Saturday, April 18, 2015

I Usually Don't Say It All At Once

I usually don't say it all at once, better to lay it on gently. I either say to strangers that I'm driving a Miata up the coast, or that I'm driving towards Alaska, but never I'm driving up towards Alaska in a Miata. That would make me look foolish.

After the previous epic day, I wake up early to get a head start on the highway 1 traffic, and it was worth it. I didn't see another car for at least an hour. My first bit of traffic was a deer running right in front of my car. If I hadn't swerved and braked, or done one and not the other, I would have hit her. Hitting a deer in a normal car is one thing, but in a Miata it would probably be the end of my windshield, best case scenario.

A photo posted by Byron Young (@byron.a.young) on

The highway took me right through the Redwoods, which look even larger from a tiny convertible. I drove fairly consistently until Eureka to restock on some food and supplies before heading to Six Rivers Brewing to have a great burger and some even better beer. It also gave me a chance to take a breath and figure out where I was mountain biking that day. I found a loop trail and decided to do part of it, Davison Path.

I set out and found what I thought was the trailhead but I took it in the wrong direction and ended up in a campground next to a river. I took it the other direction and was on my merry way, until my rear derailer started acting up again, shifting and jumping annoyingly. I decided to press on, not push it, until the inevitable, a chain break. I had to walk at least a mile back to my car, where I assessed the situation.

I decided to head to the campground and figure out how to fix the chain. If I could fix it, I'd head onto the trail and stay at that campground I ran into for the night. If not, I'd drive another couple hours towards Bend Oregon. I drove to the campsite, and after a lot of trial and error, "fixed" the chain. It was getting late, but I decided to try for that trail. I hopped on the bike, and with Yogi in tow, followed it deeper into the forest. I was quickly rewarded with amazingly dense Redwood forests, rivers, and some great single track, but it ended at a road. I decided to take a right to see it would lead, knowing the coast must not be too far away. It started descending, and finally the trees opened up to reveal a secluded beach.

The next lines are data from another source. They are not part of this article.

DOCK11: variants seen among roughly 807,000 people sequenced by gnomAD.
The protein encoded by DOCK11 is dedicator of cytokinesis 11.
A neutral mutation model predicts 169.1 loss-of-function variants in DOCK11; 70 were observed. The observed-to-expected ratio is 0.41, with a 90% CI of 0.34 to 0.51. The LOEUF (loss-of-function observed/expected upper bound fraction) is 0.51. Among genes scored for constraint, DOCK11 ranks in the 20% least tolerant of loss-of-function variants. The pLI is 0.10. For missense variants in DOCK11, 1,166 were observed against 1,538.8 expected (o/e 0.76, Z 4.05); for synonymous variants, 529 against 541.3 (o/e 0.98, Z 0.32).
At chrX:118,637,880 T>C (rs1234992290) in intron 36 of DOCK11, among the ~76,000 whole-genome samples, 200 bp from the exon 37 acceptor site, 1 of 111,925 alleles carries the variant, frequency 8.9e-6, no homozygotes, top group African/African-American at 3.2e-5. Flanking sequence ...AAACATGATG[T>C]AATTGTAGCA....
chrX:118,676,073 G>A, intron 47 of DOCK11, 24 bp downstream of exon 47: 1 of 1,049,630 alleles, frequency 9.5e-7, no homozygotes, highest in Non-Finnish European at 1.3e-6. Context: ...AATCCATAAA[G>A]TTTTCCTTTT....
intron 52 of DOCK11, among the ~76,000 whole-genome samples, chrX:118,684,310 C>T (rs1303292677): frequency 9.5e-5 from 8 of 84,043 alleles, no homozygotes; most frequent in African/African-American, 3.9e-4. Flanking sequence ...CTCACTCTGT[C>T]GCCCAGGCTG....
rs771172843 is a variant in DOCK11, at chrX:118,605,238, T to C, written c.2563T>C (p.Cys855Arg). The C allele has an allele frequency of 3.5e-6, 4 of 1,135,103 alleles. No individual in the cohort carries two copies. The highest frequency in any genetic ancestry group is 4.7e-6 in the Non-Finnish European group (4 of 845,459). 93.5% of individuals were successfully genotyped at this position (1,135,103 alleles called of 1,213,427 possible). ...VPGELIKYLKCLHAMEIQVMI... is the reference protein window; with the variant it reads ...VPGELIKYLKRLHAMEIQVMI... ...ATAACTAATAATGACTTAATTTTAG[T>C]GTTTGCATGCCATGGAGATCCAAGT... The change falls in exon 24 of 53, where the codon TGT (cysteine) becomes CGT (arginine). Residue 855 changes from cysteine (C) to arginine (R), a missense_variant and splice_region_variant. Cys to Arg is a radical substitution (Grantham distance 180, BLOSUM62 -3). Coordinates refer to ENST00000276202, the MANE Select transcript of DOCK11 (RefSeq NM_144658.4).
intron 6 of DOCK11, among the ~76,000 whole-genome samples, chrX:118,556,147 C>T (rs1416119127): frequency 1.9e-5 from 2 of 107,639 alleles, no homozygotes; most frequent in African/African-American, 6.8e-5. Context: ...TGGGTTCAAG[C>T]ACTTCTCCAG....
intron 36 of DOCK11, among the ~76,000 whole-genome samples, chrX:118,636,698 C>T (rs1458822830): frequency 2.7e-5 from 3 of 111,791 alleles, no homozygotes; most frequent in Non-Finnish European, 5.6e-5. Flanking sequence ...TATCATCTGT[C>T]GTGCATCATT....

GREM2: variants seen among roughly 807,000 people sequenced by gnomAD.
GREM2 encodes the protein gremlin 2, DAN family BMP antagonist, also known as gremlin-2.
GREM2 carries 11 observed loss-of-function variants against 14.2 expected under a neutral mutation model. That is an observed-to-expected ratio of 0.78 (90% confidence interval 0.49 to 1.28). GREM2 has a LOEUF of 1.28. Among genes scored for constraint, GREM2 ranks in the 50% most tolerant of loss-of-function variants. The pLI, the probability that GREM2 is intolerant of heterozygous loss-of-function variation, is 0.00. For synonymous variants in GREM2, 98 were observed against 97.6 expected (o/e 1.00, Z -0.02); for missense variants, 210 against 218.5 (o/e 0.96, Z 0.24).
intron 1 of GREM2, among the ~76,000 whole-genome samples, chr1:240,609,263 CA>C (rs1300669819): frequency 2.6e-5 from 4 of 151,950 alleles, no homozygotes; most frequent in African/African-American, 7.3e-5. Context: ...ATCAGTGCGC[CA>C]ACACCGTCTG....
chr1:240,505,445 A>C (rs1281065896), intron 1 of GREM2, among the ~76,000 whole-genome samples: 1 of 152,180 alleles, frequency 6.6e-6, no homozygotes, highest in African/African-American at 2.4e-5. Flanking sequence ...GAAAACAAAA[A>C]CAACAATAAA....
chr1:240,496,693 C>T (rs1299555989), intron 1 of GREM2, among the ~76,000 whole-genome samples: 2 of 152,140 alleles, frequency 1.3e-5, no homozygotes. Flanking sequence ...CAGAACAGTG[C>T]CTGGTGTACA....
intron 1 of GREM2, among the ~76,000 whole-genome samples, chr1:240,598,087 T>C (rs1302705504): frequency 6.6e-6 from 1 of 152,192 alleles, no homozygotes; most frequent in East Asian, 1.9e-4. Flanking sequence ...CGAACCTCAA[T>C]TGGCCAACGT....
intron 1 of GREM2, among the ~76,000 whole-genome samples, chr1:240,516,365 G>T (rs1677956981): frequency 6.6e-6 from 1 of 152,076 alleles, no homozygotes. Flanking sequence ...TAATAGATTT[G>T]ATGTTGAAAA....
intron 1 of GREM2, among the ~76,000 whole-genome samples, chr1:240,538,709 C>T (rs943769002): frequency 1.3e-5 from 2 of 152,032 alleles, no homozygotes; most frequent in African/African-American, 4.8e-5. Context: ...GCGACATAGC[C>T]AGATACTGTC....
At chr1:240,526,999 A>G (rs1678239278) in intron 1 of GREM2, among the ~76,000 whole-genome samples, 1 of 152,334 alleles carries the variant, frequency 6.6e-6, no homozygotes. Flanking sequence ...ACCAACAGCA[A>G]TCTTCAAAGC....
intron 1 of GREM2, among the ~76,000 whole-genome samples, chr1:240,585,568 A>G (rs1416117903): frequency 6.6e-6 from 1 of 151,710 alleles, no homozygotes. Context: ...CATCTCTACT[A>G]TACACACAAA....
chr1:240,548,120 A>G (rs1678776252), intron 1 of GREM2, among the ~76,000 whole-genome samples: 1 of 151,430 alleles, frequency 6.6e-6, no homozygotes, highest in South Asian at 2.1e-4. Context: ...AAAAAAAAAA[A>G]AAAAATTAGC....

A photo posted by Byron Young (@byron.a.young) on

The road went on, and some signs told me it headed to Fern Canyon, which I have actually been to before! I had time to get to it (another 4 miles) but after turning a corner there was an enormous moose about 100 yards ahead of me. Luckily I saw it well before Yogi did, allowing me to prevent him from chasing after it, and I decided that considering the time and my uncertainty with my chain fix, it might be a better idea to head back.

A photo posted by Byron Young (@byron.a.young) on

After turning around, I started climbing a hill, and immediately the bike was not happy. I was having the same gear skipping and jumping I've had in the past, and finally on a steeper hill, another chain break, now at least 4 miles away from my campground. If I couldn't fix it I would be walking back in the dark. Luckily this time around I brought my tools, and I did a makeshift fix on the hill, while being bombarded with mosquitoes. I felt the chain after the fix and it was very stiff, but I decided to try to set off anyway. I started riding and... somehow it worked perfectly. It also gives me a new theory about the true nature of the problem, which I won't bore you with.

I ride all the way back to the campground with barely a complaint from the bike, set up camp, make a gargantuan amount of Chili-Mac, and head to my sleeping bag with a combination of food coma and exhaustion.

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